For musician and analog audio format connoisseur Kurvine Chua, his brainchild the Genjitsu Stargazing Society (or the GSS for short) is not in the prod he expected it to be. What started out in 2016 as an outlet for creative endeavors including a film, a musical play, and his solo music project Memoryville, had no definite plan. Three years into the game, making music the main focus of the GSS just happened naturally.
Dubbed as an arts collective who share a common outlook in life, the GSS’ forefront is being a DIY music/cassette label with a diverse roster of creators under its wing.
A quick run through the label’s gold mine of a Bandcamp page is a journey in itself. For avid enthusiasts and new bloods to the DIY scene, their catalogue of releases will certainly not disappoint. They have since released cassette tapes from musicians like Killuv, .Wendil (Mika Manikan), Savedhistory(Nadine Galleguez), Tim Äwä (Zephra Theodosha Lagos), youngsleepyboi (Moe Cabral), Joe-chu, Pamcy, Ozzga, and Washington Drama Club, to name a few.
Recently, they hosted the Philippines’ first Cassette Store Day and helped out with wendil’s EP launch party for Mika Manikan’s solo project .wendil. The GSS is definitely a movement with a life of its own, with a lot in store for the future — more music, films, zines and wherever their creative urges take them.
For this feature, we spoke with Kurvine , Mika, Nadine and Joe of the GSS about their thoughts on the label and freedom with DIY art.
Young STAR: What is behind the counterculture arts movement of the GSS?
Kurvine: Here in the Philippines, there’s a lot of toxic politics in the arts scene. That’s something we want to veer away from. We want to keep things as pure as possible. Absolutely no sexism, discrimination, harassment, and abuse is allowed in the GSS. Everyday, I see people who don’t do things primarily for the music anymore — they focus on fame, money, etc. In short, we just want to release good music.
What is something you love about the collective?
Mika: They believed in sincerity, as did I, and I believed that no one should ever have to feel lonely. We both believed that this lifetime is too short, and the world beyond is too vast to get caught up in the meaninglessness of worldly problems. All we have is the beauty we get to create with others before we all fade away, and that’s alright. So the idea of making a formal group for what we already did really appealed to me.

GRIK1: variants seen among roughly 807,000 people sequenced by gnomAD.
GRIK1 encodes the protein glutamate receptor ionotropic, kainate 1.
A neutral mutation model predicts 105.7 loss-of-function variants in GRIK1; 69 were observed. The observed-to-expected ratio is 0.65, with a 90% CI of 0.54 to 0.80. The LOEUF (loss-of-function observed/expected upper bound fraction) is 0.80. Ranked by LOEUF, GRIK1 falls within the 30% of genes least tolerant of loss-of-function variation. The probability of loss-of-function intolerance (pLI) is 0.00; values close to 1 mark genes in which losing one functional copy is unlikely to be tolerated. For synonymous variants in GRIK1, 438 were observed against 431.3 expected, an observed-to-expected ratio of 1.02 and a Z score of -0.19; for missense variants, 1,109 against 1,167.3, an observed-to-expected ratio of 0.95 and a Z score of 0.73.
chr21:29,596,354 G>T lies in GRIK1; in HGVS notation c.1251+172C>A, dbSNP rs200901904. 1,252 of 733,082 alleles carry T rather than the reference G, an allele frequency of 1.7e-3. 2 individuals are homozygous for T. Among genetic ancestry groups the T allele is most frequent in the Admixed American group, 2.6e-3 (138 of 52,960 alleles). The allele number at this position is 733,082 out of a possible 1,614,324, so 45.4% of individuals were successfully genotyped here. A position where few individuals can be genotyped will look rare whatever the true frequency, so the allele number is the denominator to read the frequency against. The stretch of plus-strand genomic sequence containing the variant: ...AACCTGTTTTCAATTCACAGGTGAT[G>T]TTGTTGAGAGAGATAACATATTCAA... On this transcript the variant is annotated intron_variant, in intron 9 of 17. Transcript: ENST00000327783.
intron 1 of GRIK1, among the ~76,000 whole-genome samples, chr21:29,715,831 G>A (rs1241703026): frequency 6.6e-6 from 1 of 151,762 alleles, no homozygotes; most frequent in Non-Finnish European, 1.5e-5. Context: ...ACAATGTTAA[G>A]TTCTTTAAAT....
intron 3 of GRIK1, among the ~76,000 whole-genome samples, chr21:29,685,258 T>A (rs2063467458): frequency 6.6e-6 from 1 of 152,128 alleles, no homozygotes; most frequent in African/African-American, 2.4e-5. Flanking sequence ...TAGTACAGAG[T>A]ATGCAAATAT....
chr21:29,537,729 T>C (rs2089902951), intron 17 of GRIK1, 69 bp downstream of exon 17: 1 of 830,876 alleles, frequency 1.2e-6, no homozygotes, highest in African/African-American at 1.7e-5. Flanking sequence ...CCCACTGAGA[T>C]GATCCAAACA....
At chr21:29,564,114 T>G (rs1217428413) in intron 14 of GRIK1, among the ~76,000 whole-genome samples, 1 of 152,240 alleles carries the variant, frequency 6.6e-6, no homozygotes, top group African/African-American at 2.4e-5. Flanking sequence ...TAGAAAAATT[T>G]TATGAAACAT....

Would you say that the GSS is deeply rooted in the DIY movement?
Kurvine: We’re very much inspired by other communities — tape labels like Z Tapes and Struggle Records, collectives like Sleeping Boy. That’s the amazing thing about this — you enter a place, and it feels like home. Everyone knows each other, and it feels like friends hanging out. That’s what we’re trying to build — a community of people passionate about art.
Mika: It’s hard to pinpoint when and where the adventure began, but we could say it began with my relationship with my partner, Kurvine. We had just wrapped up a successful play and a short film together with other talented artists and organizers, and as we were, we were supporting each other’s craft in our respective fields. We also kept our hearts and hands open for the people who we had worked with before, who really loved what they did.
What are the kinds of sounds do the artists under GSS fall under?
Kurvine: Our label contains sounds from various genres which make sense as a whole. Most of our roster is made of Filipino artists, but we have foreign artists as well — Rosedal (dream pop band from Argentina), Linearwave (lo-fi hip hop artist from Brazil), and killuv (lo-fi indie pop artist of Filipino descent from the US).
How is the GSS different from other labels?
Nadine: I think it’s the wide range of artists they put together. They don’t stick with a theme. There are no restrictions. Everyone is free to do their own thing and explore in or outside of their comfort zone. It’s great what this community is doing. We’re like a peculiar family but everyone is seen and appreciated.
Joshua: Me and the people behind the GSS bonded over the idea of music without bias, music that doesn’t care about society’s rules, and music that heals because that’s what it is for. And that is what makes GSS special, If you check out the label’s artists you’ll find a sea of different styles from electronic to prog to everywhere you want it to go. I love collaborating with my fellow peers under GSS cause they bring something new to the table. We all run with the purpose of sharing the love through music.
What kind of impact do you think the GSS makes in the local music scene?
Mika: A lot of people may say that the ideal is too lofty, but I truly believe that artists and musicians can help each other if we learn to love and appreciate our differences, and realize that we’re all connected. Kindness and positivity are still realities, [as long as] you keep your heart open to them.
Kurvine: We also want the GSS to be an avenue for listeners to discover more music, especially in the local scene. If, for example, they like one of our artists, they can go through our roster and discover even more they’d like. It’s a domino effect.
What are your top releases from the GSS?
Kurvine: All our releases are equally amazing! Here’s some of my faves which could be found on Spotify:
TIM ÄWÄ – TIM ÄWÄ: Post-rock from Lucena! An amazing project from Zephra Lagos.
Ozzga – When You’re Away: Shoegaze from Manila! Channeling MBV, Slowdive and, at times, Radiohead.
Pamcy – Deep Sea Pearls: Neon lights-inspired electronic music from producer Pamcy Fernandez.
killuv – self titled ep: A solo project from Alana Fleder. R&B meets bedroom pop on this one.